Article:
This is an exercise I do with my 3rd grade religious school students. It’s harder than it seems. This is what it must have been like for our ancestors during their time in Egypt. How do we make decisions on things we value when pressed for time. People who have experienced house fires must impulsively grab what they can in a moments notice. Assuming all living things are out safely, do you open your safe and grab valuables, or do you take family photos first? The Jews of Egypt were set in Egypt. They had homes. They had families. Though their lives weren’t great, it was predictable. Change is hard. Change is scary. And change is unpredictable. With change comes the unknown. Change challenges us in ways we are not accustomed to, though it can also help us grow too. That the Jews in Egypt followed Moshe whole heartedly is the miracle. The other miracles G-D bestowed on the Egyptians were just plagues. Like my grandparents, the Jews who followed Moshe had Bitachon. They had an unrelenting faith, trust, and confidence that everything would be ok.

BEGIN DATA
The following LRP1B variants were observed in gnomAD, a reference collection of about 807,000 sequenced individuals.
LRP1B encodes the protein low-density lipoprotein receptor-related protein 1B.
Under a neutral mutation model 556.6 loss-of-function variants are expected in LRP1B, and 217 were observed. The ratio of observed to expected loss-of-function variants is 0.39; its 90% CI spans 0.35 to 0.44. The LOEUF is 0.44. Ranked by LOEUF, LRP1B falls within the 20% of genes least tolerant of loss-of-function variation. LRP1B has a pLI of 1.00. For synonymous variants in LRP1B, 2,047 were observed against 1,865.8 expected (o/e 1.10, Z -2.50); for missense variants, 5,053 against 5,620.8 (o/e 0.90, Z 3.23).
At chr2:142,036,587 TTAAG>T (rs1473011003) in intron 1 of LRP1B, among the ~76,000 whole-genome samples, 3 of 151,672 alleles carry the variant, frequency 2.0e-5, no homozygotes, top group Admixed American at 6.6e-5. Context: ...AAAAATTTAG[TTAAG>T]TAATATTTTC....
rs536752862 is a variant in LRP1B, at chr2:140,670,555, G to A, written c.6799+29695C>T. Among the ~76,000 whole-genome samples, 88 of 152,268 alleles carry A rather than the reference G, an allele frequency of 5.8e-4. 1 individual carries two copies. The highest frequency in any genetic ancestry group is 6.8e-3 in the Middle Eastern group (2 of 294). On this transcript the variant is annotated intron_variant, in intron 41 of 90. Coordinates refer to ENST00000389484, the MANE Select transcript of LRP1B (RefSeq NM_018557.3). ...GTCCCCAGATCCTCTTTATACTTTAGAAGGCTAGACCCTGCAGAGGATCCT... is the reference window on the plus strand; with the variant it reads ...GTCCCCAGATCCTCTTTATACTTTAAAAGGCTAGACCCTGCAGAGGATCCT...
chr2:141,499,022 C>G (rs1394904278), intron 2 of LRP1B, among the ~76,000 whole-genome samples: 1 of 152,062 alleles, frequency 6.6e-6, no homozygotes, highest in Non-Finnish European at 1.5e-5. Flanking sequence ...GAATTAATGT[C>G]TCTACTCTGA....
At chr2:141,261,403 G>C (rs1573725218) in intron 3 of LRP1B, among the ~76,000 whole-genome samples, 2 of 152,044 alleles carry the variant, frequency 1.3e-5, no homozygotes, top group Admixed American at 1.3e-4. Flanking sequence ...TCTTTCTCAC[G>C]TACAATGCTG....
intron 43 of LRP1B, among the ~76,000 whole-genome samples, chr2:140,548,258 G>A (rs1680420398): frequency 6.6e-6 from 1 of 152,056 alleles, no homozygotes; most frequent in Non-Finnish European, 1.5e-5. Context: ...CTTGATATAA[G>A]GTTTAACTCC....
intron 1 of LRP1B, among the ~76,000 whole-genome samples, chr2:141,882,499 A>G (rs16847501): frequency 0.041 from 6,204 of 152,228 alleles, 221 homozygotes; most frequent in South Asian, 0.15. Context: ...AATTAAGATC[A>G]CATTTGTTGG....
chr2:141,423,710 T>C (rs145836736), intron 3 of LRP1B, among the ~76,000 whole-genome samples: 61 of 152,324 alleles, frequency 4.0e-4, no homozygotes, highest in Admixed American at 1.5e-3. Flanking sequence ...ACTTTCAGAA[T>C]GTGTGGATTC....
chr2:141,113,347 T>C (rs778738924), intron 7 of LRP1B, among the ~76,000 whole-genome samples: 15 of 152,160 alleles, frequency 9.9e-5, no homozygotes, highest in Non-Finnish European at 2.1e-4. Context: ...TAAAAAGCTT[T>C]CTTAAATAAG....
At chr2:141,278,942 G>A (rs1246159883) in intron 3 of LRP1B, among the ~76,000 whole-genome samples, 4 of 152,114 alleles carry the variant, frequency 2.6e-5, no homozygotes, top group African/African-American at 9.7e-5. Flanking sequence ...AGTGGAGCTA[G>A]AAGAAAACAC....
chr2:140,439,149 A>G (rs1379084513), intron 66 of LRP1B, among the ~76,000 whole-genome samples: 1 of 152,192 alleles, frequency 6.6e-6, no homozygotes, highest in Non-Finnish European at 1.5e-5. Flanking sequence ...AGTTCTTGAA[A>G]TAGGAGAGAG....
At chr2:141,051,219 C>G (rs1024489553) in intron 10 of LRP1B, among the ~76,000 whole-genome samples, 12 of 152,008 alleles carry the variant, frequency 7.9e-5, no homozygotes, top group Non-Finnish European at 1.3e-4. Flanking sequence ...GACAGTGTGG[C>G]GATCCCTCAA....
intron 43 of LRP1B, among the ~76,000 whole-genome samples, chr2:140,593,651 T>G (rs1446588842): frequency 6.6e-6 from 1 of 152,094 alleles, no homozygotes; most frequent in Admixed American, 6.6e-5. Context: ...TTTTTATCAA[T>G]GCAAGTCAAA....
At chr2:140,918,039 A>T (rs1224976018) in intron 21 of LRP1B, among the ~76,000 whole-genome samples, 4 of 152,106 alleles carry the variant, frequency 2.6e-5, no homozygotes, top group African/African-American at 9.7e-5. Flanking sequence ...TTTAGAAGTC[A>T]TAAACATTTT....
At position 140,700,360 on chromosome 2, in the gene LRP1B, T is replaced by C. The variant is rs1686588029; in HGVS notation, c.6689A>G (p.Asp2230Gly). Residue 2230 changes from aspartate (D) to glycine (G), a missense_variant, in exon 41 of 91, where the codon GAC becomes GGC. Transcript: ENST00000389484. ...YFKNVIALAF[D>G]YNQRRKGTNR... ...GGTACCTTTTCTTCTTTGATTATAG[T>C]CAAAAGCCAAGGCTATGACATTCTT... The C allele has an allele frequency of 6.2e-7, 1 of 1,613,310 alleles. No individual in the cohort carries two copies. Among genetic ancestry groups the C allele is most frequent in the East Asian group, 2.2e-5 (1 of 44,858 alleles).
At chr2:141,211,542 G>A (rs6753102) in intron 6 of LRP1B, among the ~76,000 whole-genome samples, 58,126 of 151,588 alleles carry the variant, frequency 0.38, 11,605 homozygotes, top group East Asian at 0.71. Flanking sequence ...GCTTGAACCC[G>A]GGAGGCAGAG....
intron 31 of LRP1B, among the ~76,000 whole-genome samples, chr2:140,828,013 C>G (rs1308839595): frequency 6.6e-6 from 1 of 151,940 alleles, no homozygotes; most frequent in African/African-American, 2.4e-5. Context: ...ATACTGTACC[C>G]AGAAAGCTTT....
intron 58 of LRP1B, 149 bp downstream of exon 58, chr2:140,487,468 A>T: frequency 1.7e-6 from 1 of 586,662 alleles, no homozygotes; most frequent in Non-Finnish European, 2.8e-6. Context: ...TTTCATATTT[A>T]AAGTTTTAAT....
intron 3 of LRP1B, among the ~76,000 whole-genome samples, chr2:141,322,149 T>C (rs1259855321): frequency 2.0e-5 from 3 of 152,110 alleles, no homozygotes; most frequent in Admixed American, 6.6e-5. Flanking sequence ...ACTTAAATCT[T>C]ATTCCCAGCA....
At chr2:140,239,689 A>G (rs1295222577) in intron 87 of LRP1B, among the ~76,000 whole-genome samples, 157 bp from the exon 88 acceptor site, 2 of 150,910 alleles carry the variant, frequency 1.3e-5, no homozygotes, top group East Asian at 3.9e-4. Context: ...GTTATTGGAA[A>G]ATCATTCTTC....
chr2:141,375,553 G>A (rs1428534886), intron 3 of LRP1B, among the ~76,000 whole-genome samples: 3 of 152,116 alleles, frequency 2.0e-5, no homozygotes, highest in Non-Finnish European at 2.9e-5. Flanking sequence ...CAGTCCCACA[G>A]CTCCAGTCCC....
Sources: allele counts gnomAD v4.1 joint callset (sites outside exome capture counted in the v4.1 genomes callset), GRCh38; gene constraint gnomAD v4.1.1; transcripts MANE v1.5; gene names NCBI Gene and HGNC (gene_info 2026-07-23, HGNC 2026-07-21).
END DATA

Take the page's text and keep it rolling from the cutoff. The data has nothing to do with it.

The second aspect I wanted to discuss is the 9th plague: darkness. According to, there are many interpretations of the severity of the darkness G-D imposed. In Parshat Bo it says: “A man did not see his fellow, nor did anyone get up from his place for three days.” (10:23) For the next three days, the darkness became so palpable that no Egyptian who was sitting when it started could rise from his place, and no Egyptian who was standing when it started could sit down.